Atitlan: a case study for lakeside remediation and economic growth
I recently moved to Lake Atitlan, and was sitting yesterday on a dock in the rain when I saw some boys pulling up a plant called 'Hydrilla'.
Hydrilla is considered an invasive weed. It gets pulled up by folks here, especially around the lake docks, and thrown into the jungle forests).
It turns out that Hydrilla is a somewhat oily plant that, when mixed with a bit of animal manure, can be placed in a low cost (and homemade) 'biodigester' which turns the concoction into methane and wonderful natural compost/fertilizer ammendment for gardens.
I also notice Hyacinth growing in areas. Hyacinth is also an invasive weed which, even more so than the Hydrilla, produces a large amount of methane gas when bio-digested. The great thing about Hyacinth is that it is a great bio-remediator because of it's thick root system that harbors a great deal of live bacterial activity.- and so is often used to quickly digest waste in water. So for example, if having to choose between simply a) pulling hyacinth from the water or b) 'managing it' so that it can help clean the water but does not get overgrown, managing it is generally considered the most ideal.
Long story short, locals are throwing a material into the forest that they could be using to help feed their families.
How does it work?
(choose any and/or combinations of all)
Let us imagine that a pilot biodigester system is built (less than $500) that is capable of digesting these resources (Hydrilla and Hyacinth) from a region of the lake. We prime it and perfect it (ei: figure out how much of what types of waste make it work best). The family/village managing the digester and the harvesting of the lake resources would then have enough methane to cook and possible warm water, as well as a free source of potent fertilizer. One system and we have helped one community in a significant way.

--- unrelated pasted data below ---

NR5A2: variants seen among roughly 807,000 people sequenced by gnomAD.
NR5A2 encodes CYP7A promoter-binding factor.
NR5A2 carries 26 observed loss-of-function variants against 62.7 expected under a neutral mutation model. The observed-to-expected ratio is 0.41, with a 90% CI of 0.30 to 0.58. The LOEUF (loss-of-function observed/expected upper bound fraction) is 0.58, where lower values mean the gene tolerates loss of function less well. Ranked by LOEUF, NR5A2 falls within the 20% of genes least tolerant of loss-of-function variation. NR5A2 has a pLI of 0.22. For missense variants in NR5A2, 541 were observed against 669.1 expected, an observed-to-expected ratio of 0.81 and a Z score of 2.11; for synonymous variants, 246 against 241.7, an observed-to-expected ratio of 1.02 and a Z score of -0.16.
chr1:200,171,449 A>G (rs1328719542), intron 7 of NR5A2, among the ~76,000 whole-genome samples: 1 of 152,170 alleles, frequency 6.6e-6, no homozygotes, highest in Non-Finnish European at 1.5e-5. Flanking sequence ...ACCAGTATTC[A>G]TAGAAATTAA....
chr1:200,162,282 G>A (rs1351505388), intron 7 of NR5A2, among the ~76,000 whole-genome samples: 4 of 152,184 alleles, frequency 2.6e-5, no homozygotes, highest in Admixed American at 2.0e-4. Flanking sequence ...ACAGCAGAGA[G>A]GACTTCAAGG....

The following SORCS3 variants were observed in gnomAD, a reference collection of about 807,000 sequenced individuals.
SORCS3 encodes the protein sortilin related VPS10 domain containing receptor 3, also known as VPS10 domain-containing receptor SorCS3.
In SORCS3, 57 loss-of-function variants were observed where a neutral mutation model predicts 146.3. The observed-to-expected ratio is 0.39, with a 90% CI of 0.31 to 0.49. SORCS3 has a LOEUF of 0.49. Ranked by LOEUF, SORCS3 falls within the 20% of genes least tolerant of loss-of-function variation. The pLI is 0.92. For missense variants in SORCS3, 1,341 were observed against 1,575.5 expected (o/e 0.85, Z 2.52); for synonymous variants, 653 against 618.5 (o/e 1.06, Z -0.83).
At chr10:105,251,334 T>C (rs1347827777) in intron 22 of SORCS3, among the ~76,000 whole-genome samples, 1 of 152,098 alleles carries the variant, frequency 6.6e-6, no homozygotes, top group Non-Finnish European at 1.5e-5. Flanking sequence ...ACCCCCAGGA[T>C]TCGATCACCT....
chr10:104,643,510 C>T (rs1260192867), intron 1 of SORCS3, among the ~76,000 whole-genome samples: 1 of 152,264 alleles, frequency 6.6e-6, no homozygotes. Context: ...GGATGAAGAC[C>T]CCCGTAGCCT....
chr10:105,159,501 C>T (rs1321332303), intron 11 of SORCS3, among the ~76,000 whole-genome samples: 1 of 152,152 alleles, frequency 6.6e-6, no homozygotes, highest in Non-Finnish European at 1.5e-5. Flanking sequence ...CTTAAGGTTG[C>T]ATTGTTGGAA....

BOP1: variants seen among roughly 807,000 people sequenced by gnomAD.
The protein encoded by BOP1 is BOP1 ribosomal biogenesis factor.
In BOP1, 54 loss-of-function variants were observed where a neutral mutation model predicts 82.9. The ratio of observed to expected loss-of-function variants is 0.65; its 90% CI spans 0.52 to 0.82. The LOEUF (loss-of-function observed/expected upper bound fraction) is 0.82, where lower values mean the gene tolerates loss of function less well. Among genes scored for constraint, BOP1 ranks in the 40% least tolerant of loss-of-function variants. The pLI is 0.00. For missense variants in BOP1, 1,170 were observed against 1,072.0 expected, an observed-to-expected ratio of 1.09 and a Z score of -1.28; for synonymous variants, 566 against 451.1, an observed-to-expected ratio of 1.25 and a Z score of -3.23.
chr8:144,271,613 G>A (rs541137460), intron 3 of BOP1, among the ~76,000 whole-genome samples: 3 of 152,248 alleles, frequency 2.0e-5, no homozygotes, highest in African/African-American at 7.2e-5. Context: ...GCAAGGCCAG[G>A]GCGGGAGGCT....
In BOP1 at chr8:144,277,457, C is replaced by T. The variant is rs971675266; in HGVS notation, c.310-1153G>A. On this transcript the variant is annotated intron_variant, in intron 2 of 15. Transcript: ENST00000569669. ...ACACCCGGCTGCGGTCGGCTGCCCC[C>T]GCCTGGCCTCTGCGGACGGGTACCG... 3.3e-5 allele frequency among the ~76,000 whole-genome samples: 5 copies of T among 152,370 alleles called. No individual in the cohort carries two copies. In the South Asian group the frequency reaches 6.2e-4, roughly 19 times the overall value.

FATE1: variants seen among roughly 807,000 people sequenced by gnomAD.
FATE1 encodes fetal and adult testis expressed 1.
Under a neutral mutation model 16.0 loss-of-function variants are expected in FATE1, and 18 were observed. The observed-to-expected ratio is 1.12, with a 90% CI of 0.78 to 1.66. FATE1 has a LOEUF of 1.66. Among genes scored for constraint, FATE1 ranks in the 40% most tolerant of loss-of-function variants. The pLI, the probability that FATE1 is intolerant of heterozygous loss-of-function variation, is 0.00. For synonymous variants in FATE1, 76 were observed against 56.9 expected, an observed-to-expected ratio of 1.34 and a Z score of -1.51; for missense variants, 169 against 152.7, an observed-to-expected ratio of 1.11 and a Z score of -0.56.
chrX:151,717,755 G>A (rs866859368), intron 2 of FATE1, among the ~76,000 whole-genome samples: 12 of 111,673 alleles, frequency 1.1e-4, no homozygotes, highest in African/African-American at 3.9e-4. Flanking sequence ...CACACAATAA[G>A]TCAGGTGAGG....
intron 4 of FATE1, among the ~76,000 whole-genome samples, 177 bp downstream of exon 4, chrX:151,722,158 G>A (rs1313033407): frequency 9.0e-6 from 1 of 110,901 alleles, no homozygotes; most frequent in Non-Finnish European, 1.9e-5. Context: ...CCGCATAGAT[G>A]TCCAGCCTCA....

Create a how-to with references (and pictures of) specific materials available at local hardware storefronts, and specific documentation (2-3 languages, pictures) for assembling these units. This might create one or two additional units, and a loosely organized system of groups exchanging ideas.
Now let us say that we want to look at this idea at a slightly larger scale potentially spreading lake-wide, and create an economic engine.
An organization is created to 'Manage Lakeside Ecology' that overlooks:
a) harvesting and management of hydrilla and hyacinth (and remediation of lakeside) focussing on private and city docks and charges a small 'utility' for the service to all benefactors for this service.
b) the creation of a larger scale (or many similarly scaled) biodigesters are with local people who are payed or who benefit by manging it. They harvest the compost slurry and apply it directly to their fields and harvest the gas/methane and use it either to heat food and water or also to dry the compost slurry for bagging and distribution ($/Q) as 'natural fertilizer'.
c) Now let's say we also get the different sponsoring municipalities to (in addition to paying a small fee for dock cleanup in their municipality) pay for marketing (signage, logos, etc.) of this as a project so that people around the lake know who is doing the work (t-shirts) and also what municipality is awesome because they are actively working to improve everyone's quality of life (in a very public way).
d) And then, of course, it would be great to have a sponsoring non-profit to work with. If you are a managing entity at a non-profit organization, I'm hoping this is a great fit for your work. At this stage it's all an idea, and there is still a great deal of research I would need to make about better ways that it might integrate naturally into the community. I am open to your ideas, and welcome your participation in this project as it develops, and would love to hear your thoughts about how that might best look for you.